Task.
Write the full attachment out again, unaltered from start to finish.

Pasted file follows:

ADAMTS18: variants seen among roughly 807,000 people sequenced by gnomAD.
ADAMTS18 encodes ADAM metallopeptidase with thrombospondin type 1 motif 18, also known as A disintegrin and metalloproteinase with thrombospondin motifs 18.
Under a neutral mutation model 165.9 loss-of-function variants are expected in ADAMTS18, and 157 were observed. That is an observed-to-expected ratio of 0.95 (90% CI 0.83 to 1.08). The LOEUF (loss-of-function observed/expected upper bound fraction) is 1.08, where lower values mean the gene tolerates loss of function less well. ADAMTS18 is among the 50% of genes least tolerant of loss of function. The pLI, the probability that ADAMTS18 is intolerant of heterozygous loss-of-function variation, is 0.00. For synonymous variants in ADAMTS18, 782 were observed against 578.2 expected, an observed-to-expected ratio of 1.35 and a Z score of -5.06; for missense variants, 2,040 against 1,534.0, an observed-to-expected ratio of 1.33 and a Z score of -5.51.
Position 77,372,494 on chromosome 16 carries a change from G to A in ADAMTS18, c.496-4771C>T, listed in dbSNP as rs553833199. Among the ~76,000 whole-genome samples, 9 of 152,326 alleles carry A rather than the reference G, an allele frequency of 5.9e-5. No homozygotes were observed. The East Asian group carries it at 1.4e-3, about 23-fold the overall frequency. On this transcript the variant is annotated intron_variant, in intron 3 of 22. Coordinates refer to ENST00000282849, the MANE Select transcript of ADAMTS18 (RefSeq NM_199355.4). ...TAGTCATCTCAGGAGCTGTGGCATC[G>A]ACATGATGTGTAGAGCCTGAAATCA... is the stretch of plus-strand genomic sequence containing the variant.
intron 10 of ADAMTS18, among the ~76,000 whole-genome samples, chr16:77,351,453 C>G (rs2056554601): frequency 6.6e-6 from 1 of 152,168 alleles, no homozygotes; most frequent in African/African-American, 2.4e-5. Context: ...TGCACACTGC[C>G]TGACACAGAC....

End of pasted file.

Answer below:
ADAMTS18: variants seen among roughly 807,000 people sequenced by gnomAD.
ADAMTS18 encodes ADAM metallopeptidase with thrombospondin type 1 motif 18, also known as A disintegrin and metalloproteinase with thrombospondin motifs 18.
Under a neutral mutation model 165.9 loss-of-function variants are expected in ADAMTS18, and 157 were observed. That is an observed-to-expected ratio of 0.95 (90% CI 0.83 to 1.08). The LOEUF (loss-of-function observed/expected upper bound fraction) is 1.08, where lower values mean the gene tolerates loss of function less well. ADAMTS18 is among the 50% of genes least tolerant of loss of function. The pLI, the probability that ADAMTS18 is intolerant of heterozygous loss-of-function variation, is 0.00. For synonymous variants in ADAMTS18, 782 were observed against 578.2 expected, an observed-to-expected ratio of 1.35 and a Z score of -5.06; for missense variants, 2,040 against 1,534.0, an observed-to-expected ratio of 1.33 and a Z score of -5.51.
Position 77,372,494 on chromosome 16 carries a change from G to A in ADAMTS18, c.496-4771C>T, listed in dbSNP as rs553833199. Among the ~76,000 whole-genome samples, 9 of 152,326 alleles carry A rather than the reference G, an allele frequency of 5.9e-5. No homozygotes were observed. The East Asian group carries it at 1.4e-3, about 23-fold the overall frequency. On this transcript the variant is annotated intron_variant, in intron 3 of 22. Coordinates refer to ENST00000282849, the MANE Select transcript of ADAMTS18 (RefSeq NM_199355.4). ...TAGTCATCTCAGGAGCTGTGGCATC[G>A]ACATGATGTGTAGAGCCTGAAATCA... is the stretch of plus-strand genomic sequence containing the variant.
intron 10 of ADAMTS18, among the ~76,000 whole-genome samples, chr16:77,351,453 C>G (rs2056554601): frequency 6.6e-6 from 1 of 152,168 alleles, no homozygotes; most frequent in African/African-American, 2.4e-5. Context: ...TGCACACTGC[C>G]TGACACAGAC....